I would be interested to know everyone's opinion.
 03 August 2013 08:30 PM
User is offline View Users Profile Print this message

Avatar for JonathanHill.

Posts: 225
Joined: 09 September 2002

Hi Deslandes,

I was hoping to read a knowledgeable response to your post, as I don't have a good answer for you. In the absence of such, I offer the following comments:
1 - You don't specify the Country - in my experience, in countries other than the UK (in particular Portugal & Turkey), DNOs have policies (frequently enshrined in law) that don't seem to have good engineering reason behind them. Sometimes they have fixed views on vector groupings that would only be relevant if they were incorporating your 35kV as an alternate feed to their network.

2 - It would seem that there's either been a mistake by one or other (or both) of the DNO engineers.

3 - I can't see the virtue in earthing your 110kV side during energisation only. However, if the switching device is a disconnector, then I'd be looking to block its operation if any significant current is flowing that may cause overstressing or failure.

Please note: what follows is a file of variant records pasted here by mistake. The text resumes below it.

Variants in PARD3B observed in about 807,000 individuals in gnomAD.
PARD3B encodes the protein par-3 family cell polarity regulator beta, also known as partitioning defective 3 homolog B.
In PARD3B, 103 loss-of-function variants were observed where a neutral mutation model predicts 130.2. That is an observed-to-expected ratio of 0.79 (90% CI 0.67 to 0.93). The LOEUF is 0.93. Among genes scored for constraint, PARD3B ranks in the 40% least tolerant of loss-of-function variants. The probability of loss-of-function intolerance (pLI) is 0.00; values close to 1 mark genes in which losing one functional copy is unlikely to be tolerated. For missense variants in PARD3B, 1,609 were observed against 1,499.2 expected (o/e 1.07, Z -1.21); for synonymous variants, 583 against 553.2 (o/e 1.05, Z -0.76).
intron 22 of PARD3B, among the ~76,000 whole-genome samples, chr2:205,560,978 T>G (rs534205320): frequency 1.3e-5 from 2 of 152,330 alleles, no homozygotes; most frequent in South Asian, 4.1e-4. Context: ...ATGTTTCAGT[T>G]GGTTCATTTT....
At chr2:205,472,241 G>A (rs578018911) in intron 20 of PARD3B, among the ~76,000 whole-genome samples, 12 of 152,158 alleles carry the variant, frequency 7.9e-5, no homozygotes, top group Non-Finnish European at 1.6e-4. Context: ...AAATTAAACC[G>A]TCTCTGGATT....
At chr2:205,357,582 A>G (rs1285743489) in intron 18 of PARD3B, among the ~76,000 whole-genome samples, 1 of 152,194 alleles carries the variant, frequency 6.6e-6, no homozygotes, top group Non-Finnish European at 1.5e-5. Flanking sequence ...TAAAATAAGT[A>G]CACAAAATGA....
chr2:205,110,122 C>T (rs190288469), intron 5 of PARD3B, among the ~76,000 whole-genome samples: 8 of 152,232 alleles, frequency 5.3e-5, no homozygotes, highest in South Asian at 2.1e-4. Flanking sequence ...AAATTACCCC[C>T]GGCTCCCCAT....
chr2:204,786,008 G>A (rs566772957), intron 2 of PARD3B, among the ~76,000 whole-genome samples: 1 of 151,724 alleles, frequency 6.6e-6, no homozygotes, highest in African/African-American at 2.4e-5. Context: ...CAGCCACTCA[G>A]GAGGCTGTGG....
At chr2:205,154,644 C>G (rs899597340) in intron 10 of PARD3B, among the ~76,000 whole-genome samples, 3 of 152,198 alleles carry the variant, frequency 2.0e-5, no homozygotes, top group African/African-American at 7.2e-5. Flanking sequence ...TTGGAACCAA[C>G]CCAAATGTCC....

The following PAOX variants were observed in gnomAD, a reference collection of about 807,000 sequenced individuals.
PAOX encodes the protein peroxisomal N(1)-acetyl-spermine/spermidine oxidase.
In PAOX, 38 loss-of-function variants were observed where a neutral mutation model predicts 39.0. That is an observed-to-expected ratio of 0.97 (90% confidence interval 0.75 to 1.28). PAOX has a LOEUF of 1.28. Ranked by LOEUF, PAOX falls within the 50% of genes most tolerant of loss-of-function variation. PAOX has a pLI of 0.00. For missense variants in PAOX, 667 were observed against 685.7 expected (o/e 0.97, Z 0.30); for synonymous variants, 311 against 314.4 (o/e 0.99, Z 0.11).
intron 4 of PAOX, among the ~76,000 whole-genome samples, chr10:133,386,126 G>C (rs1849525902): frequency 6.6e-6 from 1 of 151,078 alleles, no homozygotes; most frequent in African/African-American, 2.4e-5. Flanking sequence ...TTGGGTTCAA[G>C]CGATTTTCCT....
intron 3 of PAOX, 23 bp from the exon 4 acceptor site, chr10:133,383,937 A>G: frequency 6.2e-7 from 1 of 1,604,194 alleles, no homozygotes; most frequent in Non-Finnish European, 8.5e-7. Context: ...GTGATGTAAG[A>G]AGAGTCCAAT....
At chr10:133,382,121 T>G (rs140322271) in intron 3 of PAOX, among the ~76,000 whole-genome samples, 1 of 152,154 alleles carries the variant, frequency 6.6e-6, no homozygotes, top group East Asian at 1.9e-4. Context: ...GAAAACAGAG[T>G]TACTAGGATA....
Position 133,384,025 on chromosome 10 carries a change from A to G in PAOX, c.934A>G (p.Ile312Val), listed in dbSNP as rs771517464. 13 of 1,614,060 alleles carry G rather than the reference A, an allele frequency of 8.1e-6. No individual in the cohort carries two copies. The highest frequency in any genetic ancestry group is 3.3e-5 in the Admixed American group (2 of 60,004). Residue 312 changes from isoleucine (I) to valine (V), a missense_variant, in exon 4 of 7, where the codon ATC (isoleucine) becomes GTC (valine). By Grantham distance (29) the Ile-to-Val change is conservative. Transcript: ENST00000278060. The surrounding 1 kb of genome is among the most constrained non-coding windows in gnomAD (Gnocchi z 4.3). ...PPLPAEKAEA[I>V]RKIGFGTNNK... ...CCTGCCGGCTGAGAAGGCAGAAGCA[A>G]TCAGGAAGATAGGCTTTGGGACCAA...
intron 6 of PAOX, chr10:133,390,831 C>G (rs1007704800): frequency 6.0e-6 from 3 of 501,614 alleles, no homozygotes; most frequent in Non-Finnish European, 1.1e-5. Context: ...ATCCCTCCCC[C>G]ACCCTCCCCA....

4 - If you went for graded insulation on the 110kV side, it may be worth considering installing a surge arrestor N - E to protect this under fault conditions.

5 - I don't see that NVD on the 110kV side will protect your transformer, though it would provide E/F protection on the DNOs side ie, prevent your installation from continuing to feed their E/F from a broken conductor.

6 - For a transformer of this size, in addition to Buchholz ryc, I'd expect its protection to include Bias Differential, HV OC + Balanced E/F (if N-E intact during energisation, you could incorporate HV REF for the cost of an additional CT). On the LV side, OC, REF, Balanced E/F and Standby E/F.

2 - A bit late, but I would have gone for a Yd configuration to balance out HV voltage imbalance being transferred to the LV side. I know this requires 35kV earthing transformers, but these can be fitted with a secondary winding that can provide Aux supplies to your S/S. As you say, this vector group would also prevent triplen harmonics crossing the transformer in either direction.

I hope these comments might be helpful, but I will be interested to read contributions from others.

Good luck


 13 August 2013 08:32 PM
User is offline View Users Profile Print this message


Posts: 118
Joined: 06 February 2013

More shots in the dark?

Is it in a desert?
What protection is being used at the feeder end?

They might be worried about an o/c conductor near your end of the line that faults to earth but only on the non feed side.
They might think you have a breaker which would then trip on e/f beating their protection, isolating the fault and leaving them unaware of the fault (at least until you tell them)......

Why not ask them? (and let us know)

See Also:

FuseTalk Standard Edition v3.2 - © 1999-2014 FuseTalk Inc. All rights reserved.